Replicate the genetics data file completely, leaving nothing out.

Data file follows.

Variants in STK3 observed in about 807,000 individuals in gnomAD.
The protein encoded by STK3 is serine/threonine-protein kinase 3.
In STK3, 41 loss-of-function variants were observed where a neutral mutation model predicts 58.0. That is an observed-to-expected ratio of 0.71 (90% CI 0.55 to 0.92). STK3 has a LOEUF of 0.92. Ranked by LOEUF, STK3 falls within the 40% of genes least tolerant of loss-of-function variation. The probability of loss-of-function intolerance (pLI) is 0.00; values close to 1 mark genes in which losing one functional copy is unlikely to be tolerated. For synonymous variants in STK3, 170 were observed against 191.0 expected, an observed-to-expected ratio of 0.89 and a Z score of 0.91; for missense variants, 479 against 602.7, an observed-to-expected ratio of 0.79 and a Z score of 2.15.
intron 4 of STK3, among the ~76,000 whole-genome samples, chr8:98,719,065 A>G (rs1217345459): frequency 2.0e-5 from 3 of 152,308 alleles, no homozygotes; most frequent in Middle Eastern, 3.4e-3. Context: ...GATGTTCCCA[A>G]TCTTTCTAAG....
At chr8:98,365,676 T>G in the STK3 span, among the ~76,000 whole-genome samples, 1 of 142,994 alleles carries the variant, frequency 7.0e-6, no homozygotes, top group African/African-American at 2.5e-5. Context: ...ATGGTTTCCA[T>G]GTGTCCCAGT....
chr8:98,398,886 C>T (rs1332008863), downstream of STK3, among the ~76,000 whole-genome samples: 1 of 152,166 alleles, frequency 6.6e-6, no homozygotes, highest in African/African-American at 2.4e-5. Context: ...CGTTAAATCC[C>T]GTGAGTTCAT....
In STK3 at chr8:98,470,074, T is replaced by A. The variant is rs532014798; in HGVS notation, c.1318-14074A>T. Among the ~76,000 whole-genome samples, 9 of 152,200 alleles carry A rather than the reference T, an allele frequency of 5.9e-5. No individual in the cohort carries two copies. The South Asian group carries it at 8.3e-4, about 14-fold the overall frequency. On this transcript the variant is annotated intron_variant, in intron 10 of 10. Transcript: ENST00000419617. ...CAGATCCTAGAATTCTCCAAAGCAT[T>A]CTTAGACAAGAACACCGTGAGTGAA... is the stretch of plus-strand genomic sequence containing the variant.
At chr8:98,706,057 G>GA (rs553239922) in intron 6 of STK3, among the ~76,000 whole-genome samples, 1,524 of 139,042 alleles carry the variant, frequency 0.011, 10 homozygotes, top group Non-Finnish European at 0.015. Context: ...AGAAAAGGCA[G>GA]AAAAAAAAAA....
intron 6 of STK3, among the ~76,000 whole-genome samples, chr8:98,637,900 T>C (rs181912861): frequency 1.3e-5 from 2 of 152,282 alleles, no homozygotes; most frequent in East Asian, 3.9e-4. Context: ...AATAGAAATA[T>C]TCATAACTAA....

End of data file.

Variants in STK3 observed in about 807,000 individuals in gnomAD.
The protein encoded by STK3 is serine/threonine-protein kinase 3.
In STK3, 41 loss-of-function variants were observed where a neutral mutation model predicts 58.0. That is an observed-to-expected ratio of 0.71 (90% CI 0.55 to 0.92). STK3 has a LOEUF of 0.92. Ranked by LOEUF, STK3 falls within the 40% of genes least tolerant of loss-of-function variation. The probability of loss-of-function intolerance (pLI) is 0.00; values close to 1 mark genes in which losing one functional copy is unlikely to be tolerated. For synonymous variants in STK3, 170 were observed against 191.0 expected, an observed-to-expected ratio of 0.89 and a Z score of 0.91; for missense variants, 479 against 602.7, an observed-to-expected ratio of 0.79 and a Z score of 2.15.
intron 4 of STK3, among the ~76,000 whole-genome samples, chr8:98,719,065 A>G (rs1217345459): frequency 2.0e-5 from 3 of 152,308 alleles, no homozygotes; most frequent in Middle Eastern, 3.4e-3. Context: ...GATGTTCCCA[A>G]TCTTTCTAAG....
At chr8:98,365,676 T>G in the STK3 span, among the ~76,000 whole-genome samples, 1 of 142,994 alleles carries the variant, frequency 7.0e-6, no homozygotes, top group African/African-American at 2.5e-5. Context: ...ATGGTTTCCA[T>G]GTGTCCCAGT....
chr8:98,398,886 C>T (rs1332008863), downstream of STK3, among the ~76,000 whole-genome samples: 1 of 152,166 alleles, frequency 6.6e-6, no homozygotes, highest in African/African-American at 2.4e-5. Context: ...CGTTAAATCC[C>T]GTGAGTTCAT....
In STK3 at chr8:98,470,074, T is replaced by A. The variant is rs532014798; in HGVS notation, c.1318-14074A>T. Among the ~76,000 whole-genome samples, 9 of 152,200 alleles carry A rather than the reference T, an allele frequency of 5.9e-5. No individual in the cohort carries two copies. The South Asian group carries it at 8.3e-4, about 14-fold the overall frequency. On this transcript the variant is annotated intron_variant, in intron 10 of 10. Transcript: ENST00000419617. ...CAGATCCTAGAATTCTCCAAAGCAT[T>A]CTTAGACAAGAACACCGTGAGTGAA... is the stretch of plus-strand genomic sequence containing the variant.
At chr8:98,706,057 G>GA (rs553239922) in intron 6 of STK3, among the ~76,000 whole-genome samples, 1,524 of 139,042 alleles carry the variant, frequency 0.011, 10 homozygotes, top group Non-Finnish European at 0.015. Context: ...AGAAAAGGCA[G>GA]AAAAAAAAAA....
intron 6 of STK3, among the ~76,000 whole-genome samples, chr8:98,637,900 T>C (rs181912861): frequency 1.3e-5 from 2 of 152,282 alleles, no homozygotes; most frequent in East Asian, 3.9e-4. Context: ...AATAGAAATA[T>C]TCATAACTAA....